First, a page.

Christian Market spoke with Christian publishing veteran Byron Williamson, CEO of Worthy Media, Inc., following his being named the new chair of the Evangelical Christian Publishers Association.
CM: What significant trends are you observing in Christian publishing?
BW: E-books have kind of plateaued and in some measure declined a little bit to maybe 16 or 17 percent. Much of that nationally is romance fiction and similar kinds of categories, so if you look at nonfiction across the board, whether it’s Christian nonfiction or mainstream nonfiction, the share of e-books is generally below 10 percent. For even some pretty big name authors, e-books maybe don’t amount to more than 4 to 6 percent of their sales.
There were some who thought that e-books were going to completely obliterate ink, but in fact it capped out two or three years ago and is now just a kind of a little category like audiobooks. The difference is that the audiobooks category is growing. So many people are commuting farther and the audiobook category has kind of come alive in the last couple of years.
Physical books are down, but there’s actually been a resurgence of physical book sales. And one of the exciting things is millennials are some of the most intense readers of physical books in generations. They came up on “Harry Potter.” They got used to reading not just single books, but long series, and there were several of those dystopian series that came out of that and sold like crazy.
So that’s encouraging for publishers, that the younger generation likes to read and they’re buying books for their children. We’ve got a huge group of children coming and so children’s publishing right now is the fastest-growing category—that’s CBA and ABA both, and particularly for young children. We’re talking about 3-, 4-, 5-, 6-year-olds. That’s a booming business that’s up double digits the last couple of years.
CM: How have e-books impacted the industry beyond sales?
BW: Probably the biggest impact in my view is to devalue books. People are used to saying they can get what might be a $20 print book as an e-book for $10 or $8, and then you have these promotional efforts on the part of publishers in which you go out for a day or a week and offer the book as an e-book download for $1.99 or $2.99, even some cases for 99 cents, just to grab attention and get people talking. But I think that has conditioned how people think about the value of a book. There are probably more paperbacks being published now than there are hardcovers.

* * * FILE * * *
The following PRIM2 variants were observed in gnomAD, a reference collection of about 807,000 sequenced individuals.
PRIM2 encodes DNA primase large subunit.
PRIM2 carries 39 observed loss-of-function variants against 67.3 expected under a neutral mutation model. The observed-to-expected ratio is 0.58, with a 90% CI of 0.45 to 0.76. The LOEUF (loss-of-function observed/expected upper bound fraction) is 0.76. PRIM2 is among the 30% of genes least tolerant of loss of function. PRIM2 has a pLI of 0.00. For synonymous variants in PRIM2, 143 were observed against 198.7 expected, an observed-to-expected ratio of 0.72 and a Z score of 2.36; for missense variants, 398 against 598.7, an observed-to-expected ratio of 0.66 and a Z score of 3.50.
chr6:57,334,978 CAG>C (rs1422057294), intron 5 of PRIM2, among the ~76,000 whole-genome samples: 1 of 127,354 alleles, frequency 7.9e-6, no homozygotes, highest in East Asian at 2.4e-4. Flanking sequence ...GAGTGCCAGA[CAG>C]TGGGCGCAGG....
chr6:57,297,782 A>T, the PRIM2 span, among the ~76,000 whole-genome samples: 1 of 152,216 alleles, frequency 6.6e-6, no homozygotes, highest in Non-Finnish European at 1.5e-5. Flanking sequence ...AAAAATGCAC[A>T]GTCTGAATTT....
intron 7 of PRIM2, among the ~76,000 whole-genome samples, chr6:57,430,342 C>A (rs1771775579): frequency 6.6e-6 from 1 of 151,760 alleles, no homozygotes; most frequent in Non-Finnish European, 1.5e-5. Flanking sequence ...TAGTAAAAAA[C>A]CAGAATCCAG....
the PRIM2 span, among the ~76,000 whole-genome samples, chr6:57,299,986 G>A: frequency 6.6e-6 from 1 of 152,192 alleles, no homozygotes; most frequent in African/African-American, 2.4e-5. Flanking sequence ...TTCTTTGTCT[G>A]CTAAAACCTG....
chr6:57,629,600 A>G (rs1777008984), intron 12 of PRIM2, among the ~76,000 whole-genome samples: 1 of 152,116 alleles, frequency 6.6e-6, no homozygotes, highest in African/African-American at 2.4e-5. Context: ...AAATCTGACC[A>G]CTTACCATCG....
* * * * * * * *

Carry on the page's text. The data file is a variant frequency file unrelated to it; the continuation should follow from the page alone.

In some ways the internet has actually helped reading. I read more newspapers now than I ever have because I’ve got four on my phone. I get these stories popping up telling me about some new trend: I’m provoked all day long by content. I think the internet may have taken more time away from television and radio than from books.
CM: How is what’s happening in the broader culture affecting Christian publishing?
BW: I think that the current economic, political, cultural milieu that we’re swimming around in right now is muddy enough, frustrating enough, aggravating enough, and disillusioning enough that one of the positive effects is that is it’s going to drive people to books. I think people are tired of all the noise. Turn television on at night and try to find something that you want to watch that enriches you or blesses you and that’s hard to do. I think book reading looks more interesting.
CM: Christian publishers have long said that Christian retail is their most important channel; is that still true?
BW: Christian book publishers have not lost their heart for the Christian bookstore: we want to do everything we can do to support and encourage Christian retail. It’s very important to us and we would like for it to grow, and there’s a little bit of a sign of that with some new stores opening.
CW: What can Christian publishers do to support Christian retail?
BW: There’s a conversation among various publishing houses about some ways that we can join forces with what we usually have referred to as direct to consumer, but one of the innovations that we’re looking at right now is cooperating with Christian retailers, and what we’re referring to now is direct to reader, D2R. The strategy there is to be able to communicate with readers and drive them to retail.
I’m not the point person for this, and neither is the ECPA. It’s some specific CBA retailers, long-time leaders. There’s a dialogue that has begun about trying to find a way for us all cooperatively, the publishers and the retailers, to sort of join hands and try to create what amounts to an online community of customers. [Find out more about CBA’s Get It Local Today! initiative at cbaonline.org/get-local-today/]